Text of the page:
The 13 people arrested in Victoria for holding a sit-in in support of the Wet’suwet’en Nation a last week have filed complaints against Victoria Police Department, citing racism and injuries allegedly received during arrests.
The protesters, who call themselves land defenders, blocked the entrance to the Ministry of Energy, Mines and Petroleum Resources on Blanshard Street for approximately 18 hours, starting at 11 a.m. on Jan. 21. The group was asking that demands of the hereditary chiefs regarding stopping work on the Coastal GasLink pipeline be upheld, observed and respected.
Hereditary chiefs have taken a stance in conflict with members of the Wet’suwet’en Band Council, some of which support Coastal GasLink – the 670-kilometre pipeline set to run from northeastern B.C. to the LNG Canada’s export facility in Kitimat.
The Union of BC Indian Chiefs said several people in attendance of the sit-in were injured. A University of Victoria law student, Alexia Manchon, attended the sit-in and monitored interactions between the protesters and police and said in a statement that one person may have received an arm injury, while another person received a facial injury that may require surgery.
Victoria Police Chief Const. Del Manak said a lot of “misinformation” had been spread after the events, adding that police were present in some form or another for approximately eight hours before arrests were made.
“When they made the arrest, [police] were acting in the lawful execution of their duty. They were arresting individuals who were given every opportunity to leave peacefully. They were told that after 15 hours that they had made their point,” Manak said. “I can tell you that members of the Victoria Police Department exercised a tremendous amount of restraint, despite having physical and verbal abuse directed at them for many many hours from many of the protesters that were outside.”
Manak said that police offered everyone to go free, but that 13 individuals refused to leave and were arrested. He added that police were made aware of one injury after arrest.
“I am aware that there was somebody that had a facial injury, I’m not sure to what extent of that injury was,” Manak said. “There was one person who, when they were being processed in our jail facility was indicating that they may be injured and we asked them if they wanted immediate medical attention…they were asked on a couple of occasions and at that point they refused medical attention. That’s not to say that they didn’t feel worse the next morning or later on and sought medical attention. But our goal is always the safe resolution of a peaceful protest.”
One other person said they required medical attention during the arrest, but chose not to see the police medic because the officer was armed. Manak said it took approximately 30 minutes for a paramedic to arrive on scene, and that this person did not go to hospital.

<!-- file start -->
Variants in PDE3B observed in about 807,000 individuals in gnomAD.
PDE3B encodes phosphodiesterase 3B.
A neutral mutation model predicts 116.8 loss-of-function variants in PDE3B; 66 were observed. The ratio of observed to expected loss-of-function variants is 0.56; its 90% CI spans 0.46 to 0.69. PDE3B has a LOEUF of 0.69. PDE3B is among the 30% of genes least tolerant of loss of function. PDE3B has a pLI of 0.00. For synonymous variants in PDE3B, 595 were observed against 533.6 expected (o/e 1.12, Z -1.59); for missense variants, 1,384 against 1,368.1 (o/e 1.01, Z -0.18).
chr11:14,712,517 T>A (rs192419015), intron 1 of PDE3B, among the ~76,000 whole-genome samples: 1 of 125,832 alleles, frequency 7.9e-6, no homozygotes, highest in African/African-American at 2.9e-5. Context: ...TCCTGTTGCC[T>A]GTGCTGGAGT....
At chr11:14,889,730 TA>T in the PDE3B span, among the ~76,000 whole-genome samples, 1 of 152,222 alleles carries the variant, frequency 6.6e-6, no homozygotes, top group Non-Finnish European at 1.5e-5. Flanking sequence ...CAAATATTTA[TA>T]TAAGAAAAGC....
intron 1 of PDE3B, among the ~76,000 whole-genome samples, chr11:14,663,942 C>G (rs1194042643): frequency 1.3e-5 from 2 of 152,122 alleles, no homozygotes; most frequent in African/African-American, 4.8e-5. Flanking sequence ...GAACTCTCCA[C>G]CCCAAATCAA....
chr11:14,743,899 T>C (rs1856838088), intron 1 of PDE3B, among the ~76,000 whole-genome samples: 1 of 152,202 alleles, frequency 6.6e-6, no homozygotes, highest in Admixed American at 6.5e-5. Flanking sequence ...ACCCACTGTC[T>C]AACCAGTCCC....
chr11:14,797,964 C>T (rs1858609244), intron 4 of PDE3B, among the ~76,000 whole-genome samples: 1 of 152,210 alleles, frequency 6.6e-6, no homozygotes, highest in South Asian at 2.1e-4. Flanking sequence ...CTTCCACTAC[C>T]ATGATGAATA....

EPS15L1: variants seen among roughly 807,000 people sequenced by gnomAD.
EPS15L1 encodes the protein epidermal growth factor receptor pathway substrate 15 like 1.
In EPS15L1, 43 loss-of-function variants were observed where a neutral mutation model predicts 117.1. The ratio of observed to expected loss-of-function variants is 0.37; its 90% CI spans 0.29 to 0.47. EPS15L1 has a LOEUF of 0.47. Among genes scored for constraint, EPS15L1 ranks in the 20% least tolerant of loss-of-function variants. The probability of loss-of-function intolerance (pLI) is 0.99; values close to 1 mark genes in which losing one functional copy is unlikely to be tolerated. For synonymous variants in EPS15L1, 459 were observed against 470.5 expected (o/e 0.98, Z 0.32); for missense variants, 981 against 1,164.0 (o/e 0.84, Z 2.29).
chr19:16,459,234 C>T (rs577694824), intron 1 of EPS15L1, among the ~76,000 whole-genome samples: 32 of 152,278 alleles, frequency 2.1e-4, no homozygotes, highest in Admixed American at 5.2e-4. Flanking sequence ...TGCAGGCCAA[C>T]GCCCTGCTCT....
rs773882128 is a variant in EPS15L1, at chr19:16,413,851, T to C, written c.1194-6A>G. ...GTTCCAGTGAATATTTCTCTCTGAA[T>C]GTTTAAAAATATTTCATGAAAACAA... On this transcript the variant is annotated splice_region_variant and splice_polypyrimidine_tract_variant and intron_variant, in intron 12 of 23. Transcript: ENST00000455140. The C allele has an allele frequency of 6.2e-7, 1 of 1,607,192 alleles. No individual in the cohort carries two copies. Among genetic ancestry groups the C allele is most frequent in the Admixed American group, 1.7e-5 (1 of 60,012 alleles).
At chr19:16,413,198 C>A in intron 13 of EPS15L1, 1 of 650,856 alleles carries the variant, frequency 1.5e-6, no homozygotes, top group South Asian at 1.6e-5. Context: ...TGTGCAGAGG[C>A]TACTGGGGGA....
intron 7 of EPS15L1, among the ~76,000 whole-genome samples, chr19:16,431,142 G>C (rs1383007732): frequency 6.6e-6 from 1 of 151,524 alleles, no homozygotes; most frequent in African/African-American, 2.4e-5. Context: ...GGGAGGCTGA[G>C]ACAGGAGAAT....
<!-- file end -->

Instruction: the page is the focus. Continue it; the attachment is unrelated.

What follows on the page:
|Victoria Police Chief Const. Del Manak said a lot of “misinformation” had been spread following several arrests after a lengthy protest at the Ministry of Energy, Mines and Petroleum Resources on Blanshard Street. (Nicole Crescenzi/News Staff)|
People arrested were held for a short period before being released. So far charges have not been laid.
Those arrested sent a formal complaint to the Office of the Police Complaint Commissioner (OPCC) and held a press conference at the University of Victoria (UVic) on Wednesday morning.
Shay Lynn Sampson, a Gitxsan and Wet’suwet’en UVic student who attended the sit-in, said the fallout has been “intense” and has taken a toll on her community. She noted the protest was peaceful and focused on prayer and solidarity with Wet’suwet’en.
“When police arrived, that’s when violence ensued,” Sampson said.
Victoria Police said no youth were arrested, with the youngest person being 18 – an adult under the Canadian Criminal Code– and the oldest being 66. The average age in the group, Manak said, was 30.
Ta’Kaiya Blaney, 18, was the last to be arrested. During the press conference, she said police “went beyond their duty” and treated the Wet’suwet’en supporters with “hatred and racism.”
Manak said that there was “not any evidence” of racism, and from what he’d seen and heard “the officers maintained a high level of professionalism under difficult circumstances.”
Deputy Police Complaint Commissioner Andrea Spindler confirmed that the OPCC received “several” complaints regarding police conduct during the sit-in. She said each complaint will be reviewed and investigated by the independent civilian organization.
VicPD said they would be compliant with any and all investigations.